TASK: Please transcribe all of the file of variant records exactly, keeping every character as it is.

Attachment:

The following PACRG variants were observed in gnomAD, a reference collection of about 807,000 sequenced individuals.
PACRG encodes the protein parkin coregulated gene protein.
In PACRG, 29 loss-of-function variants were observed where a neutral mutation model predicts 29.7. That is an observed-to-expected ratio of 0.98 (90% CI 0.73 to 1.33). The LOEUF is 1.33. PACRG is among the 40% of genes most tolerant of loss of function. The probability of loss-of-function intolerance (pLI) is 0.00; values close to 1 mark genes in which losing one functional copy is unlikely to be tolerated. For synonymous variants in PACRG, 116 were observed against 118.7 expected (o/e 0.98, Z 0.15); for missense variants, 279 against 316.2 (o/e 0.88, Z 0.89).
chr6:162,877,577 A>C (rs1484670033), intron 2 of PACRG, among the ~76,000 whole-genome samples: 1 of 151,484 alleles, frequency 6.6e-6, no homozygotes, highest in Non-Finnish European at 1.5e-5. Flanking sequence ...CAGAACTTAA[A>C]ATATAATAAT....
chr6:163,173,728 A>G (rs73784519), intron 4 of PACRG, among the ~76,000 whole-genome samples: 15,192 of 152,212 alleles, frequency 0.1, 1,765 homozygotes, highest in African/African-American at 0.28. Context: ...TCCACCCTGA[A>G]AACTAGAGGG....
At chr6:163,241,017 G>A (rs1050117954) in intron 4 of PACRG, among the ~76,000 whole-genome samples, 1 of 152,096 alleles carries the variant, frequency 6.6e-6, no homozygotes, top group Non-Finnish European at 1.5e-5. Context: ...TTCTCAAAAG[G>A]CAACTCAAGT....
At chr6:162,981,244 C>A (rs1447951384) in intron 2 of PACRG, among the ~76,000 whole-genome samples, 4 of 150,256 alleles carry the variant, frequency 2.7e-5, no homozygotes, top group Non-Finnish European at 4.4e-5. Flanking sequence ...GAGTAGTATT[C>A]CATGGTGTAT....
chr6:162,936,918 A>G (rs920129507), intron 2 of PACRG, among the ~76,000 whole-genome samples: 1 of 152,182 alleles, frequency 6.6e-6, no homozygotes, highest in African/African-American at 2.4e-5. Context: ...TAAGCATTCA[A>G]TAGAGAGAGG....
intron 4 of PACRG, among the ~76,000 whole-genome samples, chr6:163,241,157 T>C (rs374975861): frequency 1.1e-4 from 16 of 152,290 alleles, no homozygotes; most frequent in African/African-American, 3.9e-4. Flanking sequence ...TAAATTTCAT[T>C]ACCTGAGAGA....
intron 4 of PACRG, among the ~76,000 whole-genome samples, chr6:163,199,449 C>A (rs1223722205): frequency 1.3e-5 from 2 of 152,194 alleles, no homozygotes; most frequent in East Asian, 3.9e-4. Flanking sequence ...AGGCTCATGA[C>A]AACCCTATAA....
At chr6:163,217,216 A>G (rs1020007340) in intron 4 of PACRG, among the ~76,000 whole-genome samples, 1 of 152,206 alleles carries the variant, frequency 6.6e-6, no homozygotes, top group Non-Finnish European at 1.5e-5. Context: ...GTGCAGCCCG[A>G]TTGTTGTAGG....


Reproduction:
The following PACRG variants were observed in gnomAD, a reference collection of about 807,000 sequenced individuals.
PACRG encodes the protein parkin coregulated gene protein.
In PACRG, 29 loss-of-function variants were observed where a neutral mutation model predicts 29.7. That is an observed-to-expected ratio of 0.98 (90% CI 0.73 to 1.33). The LOEUF is 1.33. PACRG is among the 40% of genes most tolerant of loss of function. The probability of loss-of-function intolerance (pLI) is 0.00; values close to 1 mark genes in which losing one functional copy is unlikely to be tolerated. For synonymous variants in PACRG, 116 were observed against 118.7 expected (o/e 0.98, Z 0.15); for missense variants, 279 against 316.2 (o/e 0.88, Z 0.89).
chr6:162,877,577 A>C (rs1484670033), intron 2 of PACRG, among the ~76,000 whole-genome samples: 1 of 151,484 alleles, frequency 6.6e-6, no homozygotes, highest in Non-Finnish European at 1.5e-5. Flanking sequence ...CAGAACTTAA[A>C]ATATAATAAT....
chr6:163,173,728 A>G (rs73784519), intron 4 of PACRG, among the ~76,000 whole-genome samples: 15,192 of 152,212 alleles, frequency 0.1, 1,765 homozygotes, highest in African/African-American at 0.28. Context: ...TCCACCCTGA[A>G]AACTAGAGGG....
At chr6:163,241,017 G>A (rs1050117954) in intron 4 of PACRG, among the ~76,000 whole-genome samples, 1 of 152,096 alleles carries the variant, frequency 6.6e-6, no homozygotes, top group Non-Finnish European at 1.5e-5. Context: ...TTCTCAAAAG[G>A]CAACTCAAGT....
At chr6:162,981,244 C>A (rs1447951384) in intron 2 of PACRG, among the ~76,000 whole-genome samples, 4 of 150,256 alleles carry the variant, frequency 2.7e-5, no homozygotes, top group Non-Finnish European at 4.4e-5. Flanking sequence ...GAGTAGTATT[C>A]CATGGTGTAT....
chr6:162,936,918 A>G (rs920129507), intron 2 of PACRG, among the ~76,000 whole-genome samples: 1 of 152,182 alleles, frequency 6.6e-6, no homozygotes, highest in African/African-American at 2.4e-5. Context: ...TAAGCATTCA[A>G]TAGAGAGAGG....
intron 4 of PACRG, among the ~76,000 whole-genome samples, chr6:163,241,157 T>C (rs374975861): frequency 1.1e-4 from 16 of 152,290 alleles, no homozygotes; most frequent in African/African-American, 3.9e-4. Flanking sequence ...TAAATTTCAT[T>C]ACCTGAGAGA....
intron 4 of PACRG, among the ~76,000 whole-genome samples, chr6:163,199,449 C>A (rs1223722205): frequency 1.3e-5 from 2 of 152,194 alleles, no homozygotes; most frequent in East Asian, 3.9e-4. Flanking sequence ...AGGCTCATGA[C>A]AACCCTATAA....
At chr6:163,217,216 A>G (rs1020007340) in intron 4 of PACRG, among the ~76,000 whole-genome samples, 1 of 152,206 alleles carries the variant, frequency 6.6e-6, no homozygotes, top group Non-Finnish European at 1.5e-5. Context: ...GTGCAGCCCG[A>G]TTGTTGTAGG....